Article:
The week between the holidays (those being Christmas and New Year's, respectively) is such an odd time. The streets are quiet, friends are in and out of town, and work... who needs it! Back in college, when I didn't care a whit about the looming specter of my ever-expanding credit card debt, I would use this week to travel. New York was always a favorite destination (snow!!!), but there were quite a few other trips too. The most memorable of my mid-holiday trips was to Ireland.
My roommate and I chose our destination as any level-headed, adventure-seeking college student would. We got online and looked for the cheapest international tickets we could find. Turns out in 1999 those were to Dublin. We were sort of hoping for a place where the language was foreign and the men were dark and lusty, where the food was exotic, the weather was beautiful and where we'd be out dancing while the sun came up. So Ireland wasn't exactly what we had in mind, but it would do in a pinch.
To say we threw caution to the wind was putting it somewhat mildly. My roommate (we'll call her Becca, which, coincidentally, is her name) declared that any advanced planning, such as reserving rooms in advance, was far too uptight for two single girls embarking upon the adventure of their lives. No! We would sleep wherever there was a room. And if there was no room? Not to worry, she assured me, we would barter for space on couches in hostel lobbies. It never came to that, but this aptly describes the attitude we adopted throughout our two week stay in Ireland.
We spent New Year's Eve with a group of Italians who spoke hardly an inkling of English, using hand gestures, dancing and the wee bit of Italian I knew to communicate. We met new friends everywhere we went. Over fish and chips we met an guy who offered to buy us the finest pint of Guinness in all of Gallway. He actually walked us to the pub just to buy us what truly was the finest pint of Guinness I've ever had. On a hike we met an elderly man who had once owned a hostel and acted as a tour guide for wayward college students such as ourselves. He led us on the most beautiful hike through the hills. We exchanged addresses. For years after that hike we were sending each other Christmas cards. We'd start every morning at a new bed and breakfast, often having long drawn out conversations with the owners who were cooking us breakfast. Poor Becca is vegan and could eat little more than the fried tomatoes that were part of the traditional Irish breakfasts. We'd have to craftily sneak her food onto my plate, and I'd eat the two breakfasts to avoid hurt feelings.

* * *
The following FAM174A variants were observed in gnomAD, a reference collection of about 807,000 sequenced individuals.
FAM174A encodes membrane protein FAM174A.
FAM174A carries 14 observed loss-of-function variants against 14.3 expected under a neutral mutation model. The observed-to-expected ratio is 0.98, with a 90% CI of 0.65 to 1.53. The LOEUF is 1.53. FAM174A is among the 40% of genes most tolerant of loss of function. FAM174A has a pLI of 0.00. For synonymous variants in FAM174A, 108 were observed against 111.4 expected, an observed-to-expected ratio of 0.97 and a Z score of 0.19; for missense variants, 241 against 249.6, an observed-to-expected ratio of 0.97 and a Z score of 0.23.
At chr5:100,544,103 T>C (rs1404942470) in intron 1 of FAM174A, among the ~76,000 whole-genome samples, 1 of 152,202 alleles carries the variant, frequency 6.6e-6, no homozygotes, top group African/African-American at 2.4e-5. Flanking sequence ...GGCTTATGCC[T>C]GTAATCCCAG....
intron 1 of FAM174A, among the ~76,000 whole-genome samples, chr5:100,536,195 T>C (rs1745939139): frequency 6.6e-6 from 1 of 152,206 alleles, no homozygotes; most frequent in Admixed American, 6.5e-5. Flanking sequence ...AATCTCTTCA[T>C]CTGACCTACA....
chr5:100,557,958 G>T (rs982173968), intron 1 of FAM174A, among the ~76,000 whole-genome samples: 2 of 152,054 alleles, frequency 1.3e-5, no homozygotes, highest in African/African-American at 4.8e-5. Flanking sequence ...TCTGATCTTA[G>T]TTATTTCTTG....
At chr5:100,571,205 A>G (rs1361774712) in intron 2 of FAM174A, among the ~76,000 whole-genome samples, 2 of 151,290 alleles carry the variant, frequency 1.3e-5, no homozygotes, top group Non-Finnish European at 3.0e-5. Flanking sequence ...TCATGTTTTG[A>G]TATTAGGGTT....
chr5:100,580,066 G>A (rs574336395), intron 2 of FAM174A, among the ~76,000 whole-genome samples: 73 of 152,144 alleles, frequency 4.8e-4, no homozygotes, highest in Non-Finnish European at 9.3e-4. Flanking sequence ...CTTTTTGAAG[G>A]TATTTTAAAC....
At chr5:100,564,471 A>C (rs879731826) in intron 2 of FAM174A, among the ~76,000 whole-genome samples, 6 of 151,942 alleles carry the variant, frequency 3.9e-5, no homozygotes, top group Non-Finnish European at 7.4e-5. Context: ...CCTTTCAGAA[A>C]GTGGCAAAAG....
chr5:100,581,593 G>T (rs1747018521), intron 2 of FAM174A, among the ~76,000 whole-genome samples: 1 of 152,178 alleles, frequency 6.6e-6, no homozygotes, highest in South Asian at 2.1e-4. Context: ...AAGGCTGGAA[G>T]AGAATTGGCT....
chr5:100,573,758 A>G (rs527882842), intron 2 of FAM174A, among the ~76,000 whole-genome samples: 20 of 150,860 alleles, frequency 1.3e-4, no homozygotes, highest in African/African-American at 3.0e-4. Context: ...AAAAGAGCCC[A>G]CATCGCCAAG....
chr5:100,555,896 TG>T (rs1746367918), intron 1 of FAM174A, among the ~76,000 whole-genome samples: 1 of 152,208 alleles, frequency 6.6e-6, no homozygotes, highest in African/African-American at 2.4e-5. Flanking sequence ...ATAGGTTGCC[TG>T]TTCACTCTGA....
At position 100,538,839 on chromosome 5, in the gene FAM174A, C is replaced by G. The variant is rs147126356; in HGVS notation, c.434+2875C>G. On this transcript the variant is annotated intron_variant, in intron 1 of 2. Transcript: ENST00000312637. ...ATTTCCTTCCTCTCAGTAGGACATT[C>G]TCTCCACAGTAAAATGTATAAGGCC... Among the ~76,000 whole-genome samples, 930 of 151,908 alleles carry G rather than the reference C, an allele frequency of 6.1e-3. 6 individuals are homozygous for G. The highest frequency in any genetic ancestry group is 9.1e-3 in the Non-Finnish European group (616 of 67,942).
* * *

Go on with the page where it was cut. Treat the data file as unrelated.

We missed more of those breakfasts then we ate though. We slept till noon most mornings and then had to run out the door to catch the 5 remaining hours of daylight. We were usually running somewhere, just before it closed, or just to miss the storm (oh lord, did it rain while we were there!). On one occasion we bought bus tickets from one town to another, it was going to be a long looong trip. No sooner had we loaded our baggage on the bus, then we decided we needed to make one quick trip to the restroom before the long drive. When we returned, it couldn't have been more than 5 minutes later, our bus along with our baggage - and passports - was gone. GONE! I turned to Becca, mortified. Now we'd done it. We'd spent our entire trip in an absent-minded haze of activity, and now we'd done it. Becca though, in true Becca style, informed me that not only was this not a problem, I was in fact being far too uptight. My attitude would not help. So right she was. We hopped on the next bus out. Three hours later our bus stopped to let off some passengers at a bus station in Limerick. We pulled up next to a bus with its trunk open. And inside that trunk, lo and behold, was our luggage. Our luggage!! We hopped out and grabbed our things and never spoke of it again.